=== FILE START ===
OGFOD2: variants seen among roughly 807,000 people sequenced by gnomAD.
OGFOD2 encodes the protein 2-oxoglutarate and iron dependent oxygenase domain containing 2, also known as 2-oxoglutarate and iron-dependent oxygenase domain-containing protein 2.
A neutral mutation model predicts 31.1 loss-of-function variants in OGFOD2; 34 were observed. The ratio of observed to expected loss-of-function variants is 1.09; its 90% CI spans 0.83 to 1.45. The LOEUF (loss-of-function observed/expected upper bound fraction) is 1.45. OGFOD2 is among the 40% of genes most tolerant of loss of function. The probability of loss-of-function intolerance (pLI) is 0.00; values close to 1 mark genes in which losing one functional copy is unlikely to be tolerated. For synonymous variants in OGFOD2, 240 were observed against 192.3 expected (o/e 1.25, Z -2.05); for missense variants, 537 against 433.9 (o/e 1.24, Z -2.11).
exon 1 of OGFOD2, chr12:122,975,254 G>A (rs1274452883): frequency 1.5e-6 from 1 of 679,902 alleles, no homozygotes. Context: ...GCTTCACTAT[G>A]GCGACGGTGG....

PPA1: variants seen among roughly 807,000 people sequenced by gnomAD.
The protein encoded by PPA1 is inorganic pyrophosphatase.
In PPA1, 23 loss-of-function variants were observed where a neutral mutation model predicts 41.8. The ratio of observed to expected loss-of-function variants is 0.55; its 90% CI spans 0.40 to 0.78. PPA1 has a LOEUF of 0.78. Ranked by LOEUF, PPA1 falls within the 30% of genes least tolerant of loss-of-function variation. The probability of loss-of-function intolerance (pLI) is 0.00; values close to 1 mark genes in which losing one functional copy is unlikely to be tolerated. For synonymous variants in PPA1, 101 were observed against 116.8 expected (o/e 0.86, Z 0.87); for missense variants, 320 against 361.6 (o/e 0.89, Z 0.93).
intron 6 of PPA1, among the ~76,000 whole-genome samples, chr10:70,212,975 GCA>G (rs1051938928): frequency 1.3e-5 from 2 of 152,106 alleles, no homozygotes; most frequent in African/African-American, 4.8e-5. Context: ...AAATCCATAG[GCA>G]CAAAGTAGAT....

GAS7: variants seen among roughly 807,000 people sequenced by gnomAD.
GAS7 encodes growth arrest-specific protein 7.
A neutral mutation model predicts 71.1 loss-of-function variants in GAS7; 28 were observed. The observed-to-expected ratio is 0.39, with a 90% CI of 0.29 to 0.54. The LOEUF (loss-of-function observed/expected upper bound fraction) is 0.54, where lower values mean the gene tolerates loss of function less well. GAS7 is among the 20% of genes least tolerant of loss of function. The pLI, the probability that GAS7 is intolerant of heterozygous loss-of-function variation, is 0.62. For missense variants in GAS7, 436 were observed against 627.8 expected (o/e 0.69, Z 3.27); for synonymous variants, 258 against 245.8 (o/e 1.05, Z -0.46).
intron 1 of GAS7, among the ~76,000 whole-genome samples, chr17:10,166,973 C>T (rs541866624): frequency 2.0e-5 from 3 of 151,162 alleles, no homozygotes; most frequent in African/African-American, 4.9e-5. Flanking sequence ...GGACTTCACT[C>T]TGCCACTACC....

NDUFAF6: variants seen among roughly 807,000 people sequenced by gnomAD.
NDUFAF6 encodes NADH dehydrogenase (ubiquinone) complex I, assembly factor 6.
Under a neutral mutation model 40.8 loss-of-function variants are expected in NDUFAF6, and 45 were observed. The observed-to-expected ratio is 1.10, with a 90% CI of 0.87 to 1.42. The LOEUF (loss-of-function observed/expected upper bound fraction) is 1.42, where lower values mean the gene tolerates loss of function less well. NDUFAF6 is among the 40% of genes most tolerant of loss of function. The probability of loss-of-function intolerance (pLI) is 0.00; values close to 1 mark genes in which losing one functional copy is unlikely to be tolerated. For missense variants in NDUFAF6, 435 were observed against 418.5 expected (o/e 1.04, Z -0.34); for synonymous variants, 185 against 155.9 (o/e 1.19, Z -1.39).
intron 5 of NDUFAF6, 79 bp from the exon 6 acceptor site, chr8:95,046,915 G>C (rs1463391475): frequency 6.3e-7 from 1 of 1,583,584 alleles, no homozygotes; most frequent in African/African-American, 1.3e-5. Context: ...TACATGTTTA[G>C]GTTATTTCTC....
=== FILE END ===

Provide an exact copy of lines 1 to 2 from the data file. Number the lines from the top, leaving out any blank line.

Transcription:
OGFOD2: variants seen among roughly 807,000 people sequenced by gnomAD.
OGFOD2 encodes the protein 2-oxoglutarate and iron dependent oxygenase domain containing 2, also known as 2-oxoglutarate and iron-dependent oxygenase domain-containing protein 2.